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2019 TASH Conference has ended
Each year, the TASH Conference brings together our constituents to share resources and success stories, learn about field-driven best practices, and network within a community engaged in shared values. The Conference is attended by passionate leaders, experts, and advocates from every corner of the disability community. Conference attendees are influential in their fields and communities, and play an important role in the provision of services and supports for the millions of individuals and organizations around the world; and include professors and researchers from leading institutions; those involved in local, state, and federal governments and public policy; special and general educators, and school administrators; self-advocates, adult service providers; students, family members, and many others.  This year’s conference theme, Building Diverse and Inclusive Communities, reminds us that equity, opportunity, and inclusion relies on the input of broad perspectives and experiences.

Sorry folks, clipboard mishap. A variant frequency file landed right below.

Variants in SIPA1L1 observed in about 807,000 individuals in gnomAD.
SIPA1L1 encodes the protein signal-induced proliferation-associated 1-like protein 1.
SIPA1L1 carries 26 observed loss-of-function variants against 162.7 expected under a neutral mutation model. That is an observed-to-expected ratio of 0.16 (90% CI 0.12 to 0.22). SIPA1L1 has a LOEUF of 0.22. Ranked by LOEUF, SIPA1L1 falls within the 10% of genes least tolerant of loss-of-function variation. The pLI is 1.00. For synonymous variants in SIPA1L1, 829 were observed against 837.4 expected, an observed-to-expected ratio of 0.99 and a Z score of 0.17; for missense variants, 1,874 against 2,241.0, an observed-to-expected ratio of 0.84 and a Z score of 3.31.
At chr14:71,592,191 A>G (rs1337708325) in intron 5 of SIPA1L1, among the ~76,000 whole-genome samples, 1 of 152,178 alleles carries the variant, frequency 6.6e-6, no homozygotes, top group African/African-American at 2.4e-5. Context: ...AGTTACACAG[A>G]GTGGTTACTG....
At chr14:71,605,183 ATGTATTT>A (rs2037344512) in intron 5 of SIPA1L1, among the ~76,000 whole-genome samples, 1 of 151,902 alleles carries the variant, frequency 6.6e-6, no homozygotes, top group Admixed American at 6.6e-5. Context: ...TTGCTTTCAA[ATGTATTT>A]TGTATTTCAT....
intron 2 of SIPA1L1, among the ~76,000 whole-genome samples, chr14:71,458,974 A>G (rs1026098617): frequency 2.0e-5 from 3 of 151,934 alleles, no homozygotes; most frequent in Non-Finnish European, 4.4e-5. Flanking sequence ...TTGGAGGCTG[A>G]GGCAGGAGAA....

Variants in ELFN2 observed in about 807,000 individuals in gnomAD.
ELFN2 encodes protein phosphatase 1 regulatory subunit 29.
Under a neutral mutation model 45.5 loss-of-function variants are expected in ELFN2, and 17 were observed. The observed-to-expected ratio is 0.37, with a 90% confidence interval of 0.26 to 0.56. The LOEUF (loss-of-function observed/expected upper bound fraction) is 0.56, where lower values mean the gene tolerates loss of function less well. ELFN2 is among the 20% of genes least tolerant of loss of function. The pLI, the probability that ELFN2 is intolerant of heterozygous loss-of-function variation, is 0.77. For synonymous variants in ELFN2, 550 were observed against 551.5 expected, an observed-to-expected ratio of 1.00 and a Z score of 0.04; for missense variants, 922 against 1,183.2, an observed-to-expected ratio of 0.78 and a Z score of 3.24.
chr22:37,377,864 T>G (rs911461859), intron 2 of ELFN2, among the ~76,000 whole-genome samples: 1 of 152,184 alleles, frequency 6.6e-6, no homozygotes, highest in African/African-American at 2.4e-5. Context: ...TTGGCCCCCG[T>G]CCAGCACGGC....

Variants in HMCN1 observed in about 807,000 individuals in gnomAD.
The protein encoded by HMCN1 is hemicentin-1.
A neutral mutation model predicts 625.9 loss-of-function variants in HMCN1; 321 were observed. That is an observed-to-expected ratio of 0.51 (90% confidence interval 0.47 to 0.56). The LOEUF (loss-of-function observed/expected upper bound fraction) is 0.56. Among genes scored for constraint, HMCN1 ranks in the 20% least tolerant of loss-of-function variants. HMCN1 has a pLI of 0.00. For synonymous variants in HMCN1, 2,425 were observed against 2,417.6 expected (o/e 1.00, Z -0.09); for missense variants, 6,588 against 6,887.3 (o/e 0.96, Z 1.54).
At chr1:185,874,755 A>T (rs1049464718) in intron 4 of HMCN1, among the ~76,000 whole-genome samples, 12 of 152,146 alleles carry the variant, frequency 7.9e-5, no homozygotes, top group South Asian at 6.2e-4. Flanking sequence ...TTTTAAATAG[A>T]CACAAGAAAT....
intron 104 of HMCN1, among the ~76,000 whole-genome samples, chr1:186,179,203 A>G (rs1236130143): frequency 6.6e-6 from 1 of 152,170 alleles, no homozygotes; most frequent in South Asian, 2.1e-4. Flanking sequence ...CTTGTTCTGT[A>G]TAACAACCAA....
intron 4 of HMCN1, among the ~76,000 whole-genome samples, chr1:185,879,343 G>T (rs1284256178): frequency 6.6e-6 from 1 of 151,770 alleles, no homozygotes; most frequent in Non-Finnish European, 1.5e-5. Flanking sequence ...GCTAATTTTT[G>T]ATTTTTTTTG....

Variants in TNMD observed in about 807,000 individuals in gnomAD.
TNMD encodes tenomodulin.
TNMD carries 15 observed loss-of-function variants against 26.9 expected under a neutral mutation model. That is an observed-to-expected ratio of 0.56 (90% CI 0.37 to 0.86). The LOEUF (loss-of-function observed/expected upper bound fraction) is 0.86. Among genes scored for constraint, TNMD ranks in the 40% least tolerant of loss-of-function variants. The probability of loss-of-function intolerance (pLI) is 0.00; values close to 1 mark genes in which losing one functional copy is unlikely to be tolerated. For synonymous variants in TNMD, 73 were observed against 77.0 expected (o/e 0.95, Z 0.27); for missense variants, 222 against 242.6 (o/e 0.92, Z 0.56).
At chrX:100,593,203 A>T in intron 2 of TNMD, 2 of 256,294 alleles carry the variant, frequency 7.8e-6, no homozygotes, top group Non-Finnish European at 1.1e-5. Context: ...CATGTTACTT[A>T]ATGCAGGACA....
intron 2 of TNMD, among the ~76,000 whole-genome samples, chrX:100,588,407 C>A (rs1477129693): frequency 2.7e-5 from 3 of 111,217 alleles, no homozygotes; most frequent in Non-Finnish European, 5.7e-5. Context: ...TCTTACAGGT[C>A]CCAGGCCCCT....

avatar for Amanda L. Miller

Amanda L. Miller

SUNY Cortland
Assistant Professor
Cortland, NY
Amanda Miller is an Assistant Professor in the Foundations and Social Advocacy Department at the State University of New York College at Cortland (SUNY Cortland). Her research focuses on the lived experiences of girls of color with intellectual and developmental disabilities, teacher preparation for inclusive, culturally sustaining education, and equitable family-school partnerships with and for families from nondominant backgrounds. Amanda's dissertation research was a critical participatory multiple case study focused on how inclusionary and exclusionary schooling mechanisms (systems and processes) are generated through materializations (e.g., school geographies, classroom layouts, learning tools) and discursive practices (e.g., talk, texts, actions) for disabled girls of color from the girls’ perspectives. Her research interests are framed by Disability Critical Race Theory (DisCrit), sociocultural learning theory, and humanizing approaches to inquiry. At SUNY Cortland, Amanda teaches two undergraduate-level courses, both are grounded in disability studies and heavily influenced by DisCrit. One course focuses on the histories and ongoing legacies of ableism and racism in schools and the ideological and pedagogical underpinnings of inclusive education. She also teaches a family-school partnerships course focused on equitable and reciprocal family-school partnerships with and for families of color with youth with complex disabilities.